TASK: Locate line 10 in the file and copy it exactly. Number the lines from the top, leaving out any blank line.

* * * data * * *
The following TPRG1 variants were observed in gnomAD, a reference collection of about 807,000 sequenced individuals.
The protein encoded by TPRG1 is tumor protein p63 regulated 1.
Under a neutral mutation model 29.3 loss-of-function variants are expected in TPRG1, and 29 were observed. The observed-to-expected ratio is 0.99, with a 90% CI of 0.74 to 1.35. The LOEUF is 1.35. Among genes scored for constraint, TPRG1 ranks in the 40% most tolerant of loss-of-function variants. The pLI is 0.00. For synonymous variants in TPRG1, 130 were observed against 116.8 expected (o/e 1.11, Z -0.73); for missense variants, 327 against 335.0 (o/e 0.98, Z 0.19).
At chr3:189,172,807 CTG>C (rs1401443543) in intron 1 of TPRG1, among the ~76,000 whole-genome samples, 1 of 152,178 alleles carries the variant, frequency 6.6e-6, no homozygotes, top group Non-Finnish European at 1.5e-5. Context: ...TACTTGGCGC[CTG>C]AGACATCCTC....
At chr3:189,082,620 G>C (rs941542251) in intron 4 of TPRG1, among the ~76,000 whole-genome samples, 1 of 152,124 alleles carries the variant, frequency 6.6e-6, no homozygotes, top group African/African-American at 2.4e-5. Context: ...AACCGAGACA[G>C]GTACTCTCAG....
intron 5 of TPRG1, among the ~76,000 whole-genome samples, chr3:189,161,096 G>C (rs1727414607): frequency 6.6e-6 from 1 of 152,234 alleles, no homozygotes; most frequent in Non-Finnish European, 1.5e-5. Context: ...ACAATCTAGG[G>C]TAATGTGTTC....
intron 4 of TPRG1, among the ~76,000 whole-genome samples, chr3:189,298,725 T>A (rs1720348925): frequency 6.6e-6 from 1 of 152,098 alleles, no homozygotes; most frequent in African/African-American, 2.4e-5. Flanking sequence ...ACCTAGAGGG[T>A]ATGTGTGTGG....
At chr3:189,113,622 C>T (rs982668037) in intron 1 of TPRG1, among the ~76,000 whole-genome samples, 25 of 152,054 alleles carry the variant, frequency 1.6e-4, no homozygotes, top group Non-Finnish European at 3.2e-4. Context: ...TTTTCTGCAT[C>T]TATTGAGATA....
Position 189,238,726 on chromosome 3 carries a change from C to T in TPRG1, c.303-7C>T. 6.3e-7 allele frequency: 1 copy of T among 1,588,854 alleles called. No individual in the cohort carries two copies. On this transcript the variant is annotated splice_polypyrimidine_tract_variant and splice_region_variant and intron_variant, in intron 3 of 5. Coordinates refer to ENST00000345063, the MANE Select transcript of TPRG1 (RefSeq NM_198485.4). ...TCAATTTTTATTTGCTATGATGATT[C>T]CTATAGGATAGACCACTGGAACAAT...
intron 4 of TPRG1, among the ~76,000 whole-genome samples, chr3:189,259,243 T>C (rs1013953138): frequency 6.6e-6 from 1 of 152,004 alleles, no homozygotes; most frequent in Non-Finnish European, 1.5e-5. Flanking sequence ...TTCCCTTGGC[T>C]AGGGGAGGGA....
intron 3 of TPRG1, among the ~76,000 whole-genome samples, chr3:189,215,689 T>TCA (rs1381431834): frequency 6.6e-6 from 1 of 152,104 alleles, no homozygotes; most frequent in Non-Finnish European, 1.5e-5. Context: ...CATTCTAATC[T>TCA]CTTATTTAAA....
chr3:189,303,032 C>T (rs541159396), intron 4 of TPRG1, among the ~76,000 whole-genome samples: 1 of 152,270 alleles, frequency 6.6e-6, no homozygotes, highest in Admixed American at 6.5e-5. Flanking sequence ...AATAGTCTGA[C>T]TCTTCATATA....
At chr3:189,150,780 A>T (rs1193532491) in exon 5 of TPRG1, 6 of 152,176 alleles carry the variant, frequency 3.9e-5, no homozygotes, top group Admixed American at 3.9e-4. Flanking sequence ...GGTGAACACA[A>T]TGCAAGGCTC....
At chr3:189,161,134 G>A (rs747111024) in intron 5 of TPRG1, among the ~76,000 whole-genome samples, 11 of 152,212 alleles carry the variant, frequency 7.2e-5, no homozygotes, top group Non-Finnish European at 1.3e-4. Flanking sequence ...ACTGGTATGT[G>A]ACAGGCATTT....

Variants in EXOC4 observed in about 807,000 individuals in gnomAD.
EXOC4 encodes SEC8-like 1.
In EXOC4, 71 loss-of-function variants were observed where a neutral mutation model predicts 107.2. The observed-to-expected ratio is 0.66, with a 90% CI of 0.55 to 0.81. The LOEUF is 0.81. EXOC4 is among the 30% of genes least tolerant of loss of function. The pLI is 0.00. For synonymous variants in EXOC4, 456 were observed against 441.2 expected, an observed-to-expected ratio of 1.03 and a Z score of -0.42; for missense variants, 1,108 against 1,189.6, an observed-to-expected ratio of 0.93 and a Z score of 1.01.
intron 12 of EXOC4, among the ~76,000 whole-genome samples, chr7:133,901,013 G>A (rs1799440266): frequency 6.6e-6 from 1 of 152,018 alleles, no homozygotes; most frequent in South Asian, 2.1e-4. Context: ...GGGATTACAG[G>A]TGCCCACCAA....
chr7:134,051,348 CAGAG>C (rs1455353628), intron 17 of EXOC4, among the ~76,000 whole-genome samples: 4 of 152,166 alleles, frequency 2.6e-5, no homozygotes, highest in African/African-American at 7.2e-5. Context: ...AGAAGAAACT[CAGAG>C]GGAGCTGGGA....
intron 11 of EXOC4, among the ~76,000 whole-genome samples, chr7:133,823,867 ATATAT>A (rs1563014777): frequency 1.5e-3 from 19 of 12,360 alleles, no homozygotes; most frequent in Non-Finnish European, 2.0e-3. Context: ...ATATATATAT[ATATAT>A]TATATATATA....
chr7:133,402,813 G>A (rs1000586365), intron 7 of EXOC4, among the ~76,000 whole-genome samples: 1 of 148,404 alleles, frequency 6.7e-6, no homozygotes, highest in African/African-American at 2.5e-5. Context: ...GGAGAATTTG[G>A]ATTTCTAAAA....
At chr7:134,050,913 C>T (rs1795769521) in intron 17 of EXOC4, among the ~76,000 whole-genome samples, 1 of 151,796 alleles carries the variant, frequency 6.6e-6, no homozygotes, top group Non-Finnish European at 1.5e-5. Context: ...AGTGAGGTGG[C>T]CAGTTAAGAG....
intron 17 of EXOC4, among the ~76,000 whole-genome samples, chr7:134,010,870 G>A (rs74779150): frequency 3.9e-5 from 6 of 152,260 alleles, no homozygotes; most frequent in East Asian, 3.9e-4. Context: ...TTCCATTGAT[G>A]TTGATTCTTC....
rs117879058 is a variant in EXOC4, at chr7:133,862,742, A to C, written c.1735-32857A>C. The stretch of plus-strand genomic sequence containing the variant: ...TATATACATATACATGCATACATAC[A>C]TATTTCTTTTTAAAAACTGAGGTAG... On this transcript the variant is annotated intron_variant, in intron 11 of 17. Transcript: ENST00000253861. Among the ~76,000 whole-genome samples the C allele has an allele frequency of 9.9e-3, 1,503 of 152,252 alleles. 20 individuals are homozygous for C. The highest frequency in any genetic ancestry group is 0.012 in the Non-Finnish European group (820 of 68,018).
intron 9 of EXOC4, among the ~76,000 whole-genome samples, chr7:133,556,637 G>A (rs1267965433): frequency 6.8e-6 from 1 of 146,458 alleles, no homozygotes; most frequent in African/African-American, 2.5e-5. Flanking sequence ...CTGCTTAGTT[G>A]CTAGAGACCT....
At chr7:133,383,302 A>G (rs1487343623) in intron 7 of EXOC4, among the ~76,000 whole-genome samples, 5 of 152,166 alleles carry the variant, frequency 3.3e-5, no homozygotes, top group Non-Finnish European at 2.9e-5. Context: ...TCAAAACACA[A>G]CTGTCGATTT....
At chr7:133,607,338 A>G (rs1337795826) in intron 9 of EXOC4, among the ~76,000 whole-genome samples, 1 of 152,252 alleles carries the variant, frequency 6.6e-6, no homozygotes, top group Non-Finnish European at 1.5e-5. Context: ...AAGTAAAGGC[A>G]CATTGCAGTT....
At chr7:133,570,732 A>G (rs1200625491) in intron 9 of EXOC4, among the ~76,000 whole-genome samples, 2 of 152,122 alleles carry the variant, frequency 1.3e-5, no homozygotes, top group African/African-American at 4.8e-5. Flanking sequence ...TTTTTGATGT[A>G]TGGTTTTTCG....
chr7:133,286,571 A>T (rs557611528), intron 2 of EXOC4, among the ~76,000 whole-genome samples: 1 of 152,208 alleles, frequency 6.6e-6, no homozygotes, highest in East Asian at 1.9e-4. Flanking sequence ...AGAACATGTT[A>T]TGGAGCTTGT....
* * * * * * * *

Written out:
intron 4 of TPRG1, among the ~76,000 whole-genome samples, chr3:189,259,243 T>C (rs1013953138): frequency 6.6e-6 from 1 of 152,004 alleles, no homozygotes; most frequent in Non-Finnish European, 1.5e-5. Flanking sequence ...TTCCCTTGGC[T>C]AGGGGAGGGA....